Countdown Timer using PIC16F84 microcontroller

It’s a kitchen timer. Use it to time spaghetti, or maybe an egg. It uses two PICs, one acts as a keyboard encoder, the other drives the display and supports the timer functions. You key in the desired time and press ‘#’. It’s accurate to 1/100th of a second, which can make all the difference I’m sure you’ll agree.

You can buy something similar to this from Denkimono.

Countdown Timer


The PIC16F84 doesn’t have enough I/O lines to drive the display and keyboard so the keyboard encoding was done by one PIC and the display driving by another. The keyboard data was transferred to the display driver PIC over a single serial line. Even then there were not enough lines for the display driver PIC to drive the LED segments and select the display digit directly, so a 4 to 16 line decoder was used. This uses a 4-bit binary encoded input to select one of 16 outputs. This way the PIC was able to select each of six digits using only 4 output lines (3 to select the digit and 1 to latch the data to the decoder).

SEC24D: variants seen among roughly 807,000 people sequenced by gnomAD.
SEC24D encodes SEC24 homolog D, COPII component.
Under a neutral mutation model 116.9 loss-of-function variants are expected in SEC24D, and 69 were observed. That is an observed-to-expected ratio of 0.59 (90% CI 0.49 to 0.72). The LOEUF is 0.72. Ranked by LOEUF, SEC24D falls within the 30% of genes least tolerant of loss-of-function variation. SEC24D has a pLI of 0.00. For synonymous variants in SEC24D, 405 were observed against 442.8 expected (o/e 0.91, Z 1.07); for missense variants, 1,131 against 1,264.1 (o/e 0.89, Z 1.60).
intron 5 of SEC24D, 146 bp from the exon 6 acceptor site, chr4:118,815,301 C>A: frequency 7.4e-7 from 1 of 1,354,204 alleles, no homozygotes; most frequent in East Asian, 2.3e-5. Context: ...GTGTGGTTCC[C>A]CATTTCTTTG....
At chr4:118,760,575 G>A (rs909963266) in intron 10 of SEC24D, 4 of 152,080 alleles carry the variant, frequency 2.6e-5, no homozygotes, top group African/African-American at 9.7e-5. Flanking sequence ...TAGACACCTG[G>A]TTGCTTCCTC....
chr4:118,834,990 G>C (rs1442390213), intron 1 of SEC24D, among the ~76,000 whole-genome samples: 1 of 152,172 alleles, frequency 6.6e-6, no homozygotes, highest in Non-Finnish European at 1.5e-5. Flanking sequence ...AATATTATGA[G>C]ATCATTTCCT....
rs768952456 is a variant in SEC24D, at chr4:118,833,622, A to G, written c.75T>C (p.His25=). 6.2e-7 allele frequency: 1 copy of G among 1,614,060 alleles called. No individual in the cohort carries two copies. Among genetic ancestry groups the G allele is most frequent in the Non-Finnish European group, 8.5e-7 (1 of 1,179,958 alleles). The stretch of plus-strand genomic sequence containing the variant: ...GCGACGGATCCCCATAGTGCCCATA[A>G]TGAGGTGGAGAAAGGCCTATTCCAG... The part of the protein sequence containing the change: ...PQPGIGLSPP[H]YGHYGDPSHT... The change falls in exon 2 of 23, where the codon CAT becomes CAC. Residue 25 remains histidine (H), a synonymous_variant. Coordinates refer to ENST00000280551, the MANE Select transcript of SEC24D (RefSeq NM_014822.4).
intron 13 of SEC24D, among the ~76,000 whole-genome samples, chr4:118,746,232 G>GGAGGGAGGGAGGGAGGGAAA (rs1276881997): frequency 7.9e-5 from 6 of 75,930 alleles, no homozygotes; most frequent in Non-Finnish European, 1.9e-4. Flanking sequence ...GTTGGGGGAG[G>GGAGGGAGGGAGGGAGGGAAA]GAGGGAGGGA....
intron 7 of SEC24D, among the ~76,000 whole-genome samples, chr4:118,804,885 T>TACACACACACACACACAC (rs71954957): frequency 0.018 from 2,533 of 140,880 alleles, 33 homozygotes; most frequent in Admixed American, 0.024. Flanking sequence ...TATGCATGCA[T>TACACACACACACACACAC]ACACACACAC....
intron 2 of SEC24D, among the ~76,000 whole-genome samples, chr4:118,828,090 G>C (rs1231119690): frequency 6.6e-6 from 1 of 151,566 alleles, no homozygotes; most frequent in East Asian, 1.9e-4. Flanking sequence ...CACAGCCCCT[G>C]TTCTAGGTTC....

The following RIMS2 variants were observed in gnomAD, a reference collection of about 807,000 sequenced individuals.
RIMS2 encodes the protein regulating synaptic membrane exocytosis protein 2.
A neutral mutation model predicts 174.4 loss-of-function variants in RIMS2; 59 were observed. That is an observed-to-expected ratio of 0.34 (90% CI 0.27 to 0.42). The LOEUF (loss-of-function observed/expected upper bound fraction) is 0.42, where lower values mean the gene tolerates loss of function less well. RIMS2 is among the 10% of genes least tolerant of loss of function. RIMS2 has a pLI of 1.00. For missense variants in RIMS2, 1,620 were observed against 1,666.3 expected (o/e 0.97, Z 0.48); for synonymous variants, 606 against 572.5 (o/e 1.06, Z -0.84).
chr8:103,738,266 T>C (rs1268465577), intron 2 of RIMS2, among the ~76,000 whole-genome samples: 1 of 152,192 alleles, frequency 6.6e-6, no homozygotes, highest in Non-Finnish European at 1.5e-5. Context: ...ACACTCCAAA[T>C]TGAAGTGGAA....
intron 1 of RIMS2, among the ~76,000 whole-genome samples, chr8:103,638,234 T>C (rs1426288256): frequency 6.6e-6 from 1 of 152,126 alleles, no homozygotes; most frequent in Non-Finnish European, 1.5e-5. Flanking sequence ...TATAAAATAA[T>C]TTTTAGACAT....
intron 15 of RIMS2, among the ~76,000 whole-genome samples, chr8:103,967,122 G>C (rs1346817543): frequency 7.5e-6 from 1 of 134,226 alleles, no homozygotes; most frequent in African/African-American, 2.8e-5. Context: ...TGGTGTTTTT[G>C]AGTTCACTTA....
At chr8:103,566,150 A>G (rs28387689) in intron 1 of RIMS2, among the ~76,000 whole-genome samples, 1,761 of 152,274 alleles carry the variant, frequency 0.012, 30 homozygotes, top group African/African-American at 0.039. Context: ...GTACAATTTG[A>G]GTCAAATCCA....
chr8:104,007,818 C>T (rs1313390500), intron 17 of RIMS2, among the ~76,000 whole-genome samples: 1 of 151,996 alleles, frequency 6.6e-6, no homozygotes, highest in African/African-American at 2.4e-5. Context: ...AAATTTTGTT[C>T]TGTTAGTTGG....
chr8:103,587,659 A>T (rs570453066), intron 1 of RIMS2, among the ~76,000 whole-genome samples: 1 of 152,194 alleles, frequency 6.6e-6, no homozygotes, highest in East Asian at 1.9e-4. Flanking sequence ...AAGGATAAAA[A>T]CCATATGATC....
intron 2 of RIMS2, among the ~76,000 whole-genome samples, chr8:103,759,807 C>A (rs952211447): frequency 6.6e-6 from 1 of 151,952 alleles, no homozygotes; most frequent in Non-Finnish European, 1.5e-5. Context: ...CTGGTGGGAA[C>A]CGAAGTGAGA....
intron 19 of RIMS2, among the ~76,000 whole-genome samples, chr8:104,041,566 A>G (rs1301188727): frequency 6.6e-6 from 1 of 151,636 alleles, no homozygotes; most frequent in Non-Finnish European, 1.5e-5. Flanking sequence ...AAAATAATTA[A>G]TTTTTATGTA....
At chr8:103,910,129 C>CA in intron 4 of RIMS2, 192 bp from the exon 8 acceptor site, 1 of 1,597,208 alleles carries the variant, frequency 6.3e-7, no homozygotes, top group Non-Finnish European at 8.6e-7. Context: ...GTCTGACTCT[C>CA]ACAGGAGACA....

Schematic Countdown Timer

3 binary inputs decode to 8 outputs so one of the spare outputs was connected to the buzzer. The drawback with this is that the display and the buzzer cannot operate concurrently. This was turned into a ‘feature’ by flashing the display when the buzzer is sounding.


For more detail: Countdown Timer using PIC16F84 microcontroller

About The Author

Ibrar Ayyub

I am an experienced technical writer holding a Master's degree in computer science from BZU Multan, Pakistan University. With a background spanning various industries, particularly in home automation and engineering, I have honed my skills in crafting clear and concise content. Proficient in leveraging infographics and diagrams, I strive to simplify complex concepts for readers. My strength lies in thorough research and presenting information in a structured and logical format.

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